A compact optical scanner is provided which comprises a portable enclosure structure having a cover portion which includes a glass enclosed aperture over which a UPC label attached to a purchased merchandise item is moved. Mounted within the enclosure below the cover portion and extending in a direction parallel with the surface of the cover portion is a laser whose output light beam is deflected along a path extending in a direction parallel to the cover portion by mirrors mounted on a shelf extending between opposite side walls of the enclosure. The laser beam is directed through an aperture in a collection mirror to a bifocal lens which directs the laser beam at a mirror mounted so as to direct the laser beam at a six-sided multifaceted rotating mirrored spinner mounted to the floor of the enclosure directly beneath the shelf and the bifocal lens. Each set of opposite sided mirrors on the spinner are orientated at a different angle to a vertical plane thus producing six distinct scanning beams. The rotating mirrored spinner directs the laser beams at a plurality of pattern mirrors which redirect the received scanning light beams towards the aperture forming a scan pattern thereat including two sets of horizontal scan lines, a cross hatch pattern of four sets of scan lines and two sets of scan lines orientated at 60° to the horizontal sets of scan lines for scanning the UPC label. The reflected light beams from the label are retro-directed via the pattern mirrors, the rotating mirrors, the deflecting mirror, and the bifocal lens to one side of the collection mirror which is constructed to reflect light having a wavelength equal to or less than the light of the laser beam to a colored meniscus lens. The color of the meniscus lens is chosen to filter out wavelengths of light which are less than that of the laser light beam resulting in the transmission of reflected light beams having a band pass centered on the laser wavelength. A photodetector positioned behind the meniscus lens converts the received light beams to electrical signals which are processed by the scanner electronics.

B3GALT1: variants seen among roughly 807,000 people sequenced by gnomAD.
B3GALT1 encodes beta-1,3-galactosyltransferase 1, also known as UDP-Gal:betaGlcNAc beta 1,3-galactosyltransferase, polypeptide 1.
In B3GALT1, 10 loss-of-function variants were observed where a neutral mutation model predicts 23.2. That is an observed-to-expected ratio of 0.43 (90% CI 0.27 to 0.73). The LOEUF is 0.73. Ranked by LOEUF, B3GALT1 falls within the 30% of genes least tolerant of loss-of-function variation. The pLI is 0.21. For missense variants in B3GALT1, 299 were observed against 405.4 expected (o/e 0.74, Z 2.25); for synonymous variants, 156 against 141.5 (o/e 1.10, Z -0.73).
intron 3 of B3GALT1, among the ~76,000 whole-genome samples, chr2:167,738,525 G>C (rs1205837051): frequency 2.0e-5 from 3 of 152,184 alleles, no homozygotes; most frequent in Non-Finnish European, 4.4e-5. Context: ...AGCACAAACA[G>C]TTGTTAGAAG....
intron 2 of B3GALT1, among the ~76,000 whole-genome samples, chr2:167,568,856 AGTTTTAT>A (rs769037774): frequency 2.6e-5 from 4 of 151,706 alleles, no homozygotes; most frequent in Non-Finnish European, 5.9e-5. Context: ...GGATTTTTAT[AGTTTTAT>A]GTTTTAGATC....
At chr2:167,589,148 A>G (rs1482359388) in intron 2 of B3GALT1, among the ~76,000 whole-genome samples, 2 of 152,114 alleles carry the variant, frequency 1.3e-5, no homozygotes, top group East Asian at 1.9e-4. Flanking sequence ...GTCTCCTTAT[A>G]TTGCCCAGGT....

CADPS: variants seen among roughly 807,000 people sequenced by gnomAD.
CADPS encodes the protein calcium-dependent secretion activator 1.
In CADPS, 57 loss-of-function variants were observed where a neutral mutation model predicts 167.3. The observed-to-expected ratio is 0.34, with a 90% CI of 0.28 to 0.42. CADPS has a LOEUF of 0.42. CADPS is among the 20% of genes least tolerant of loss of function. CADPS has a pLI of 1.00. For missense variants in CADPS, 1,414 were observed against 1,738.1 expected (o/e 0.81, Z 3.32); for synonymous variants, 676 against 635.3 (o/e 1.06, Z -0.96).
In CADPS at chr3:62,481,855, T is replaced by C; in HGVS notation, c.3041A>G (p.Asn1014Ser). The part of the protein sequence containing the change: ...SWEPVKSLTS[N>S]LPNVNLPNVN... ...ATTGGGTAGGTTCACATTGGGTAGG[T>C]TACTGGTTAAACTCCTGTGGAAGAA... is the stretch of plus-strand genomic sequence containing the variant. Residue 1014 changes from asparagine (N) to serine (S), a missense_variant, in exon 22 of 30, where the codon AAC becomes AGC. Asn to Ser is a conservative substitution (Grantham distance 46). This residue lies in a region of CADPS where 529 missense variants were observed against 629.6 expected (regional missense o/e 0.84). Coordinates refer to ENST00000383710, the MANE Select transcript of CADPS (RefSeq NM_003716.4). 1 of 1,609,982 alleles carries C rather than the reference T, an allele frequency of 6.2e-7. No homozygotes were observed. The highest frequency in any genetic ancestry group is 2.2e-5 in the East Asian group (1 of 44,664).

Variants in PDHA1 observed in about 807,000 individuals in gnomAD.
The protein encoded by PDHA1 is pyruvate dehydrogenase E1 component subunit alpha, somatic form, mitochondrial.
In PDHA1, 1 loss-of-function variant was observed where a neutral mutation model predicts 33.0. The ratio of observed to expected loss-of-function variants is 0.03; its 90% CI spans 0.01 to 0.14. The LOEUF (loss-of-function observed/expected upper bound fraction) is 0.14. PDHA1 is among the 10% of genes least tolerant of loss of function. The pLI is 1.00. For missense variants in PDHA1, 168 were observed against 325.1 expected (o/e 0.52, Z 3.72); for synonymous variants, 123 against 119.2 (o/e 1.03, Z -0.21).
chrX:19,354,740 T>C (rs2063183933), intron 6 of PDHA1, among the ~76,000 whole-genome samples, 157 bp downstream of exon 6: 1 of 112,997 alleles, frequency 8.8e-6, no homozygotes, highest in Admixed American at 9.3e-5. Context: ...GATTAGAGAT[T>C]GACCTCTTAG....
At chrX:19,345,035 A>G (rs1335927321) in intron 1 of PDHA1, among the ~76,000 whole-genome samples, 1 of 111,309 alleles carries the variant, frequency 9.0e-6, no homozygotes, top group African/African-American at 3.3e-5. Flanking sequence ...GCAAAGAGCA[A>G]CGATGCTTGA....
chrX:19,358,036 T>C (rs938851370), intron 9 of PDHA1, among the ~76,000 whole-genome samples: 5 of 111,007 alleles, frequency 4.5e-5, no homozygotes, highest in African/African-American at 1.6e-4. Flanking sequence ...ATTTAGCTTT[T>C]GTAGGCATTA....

It is therefore a principal object of this invention to provide a compact optical scanner which can be placed on or in the supporting structure of a checkout counter for reading bar code labels on merchandise items which are orientated up to 90° to the reading surface of the scanner and which are moved past the scanner by an operator who is sitting down at the checkout counter.
These and other objects, features and advantages of the invention, as well as the invention itself, will become more apparent to those skilled in the art in the light of the following detailed description taken in consideration with the accompanying drawings wherein like reference numerals indicate like or corresponding parts throughout the several views and wherein: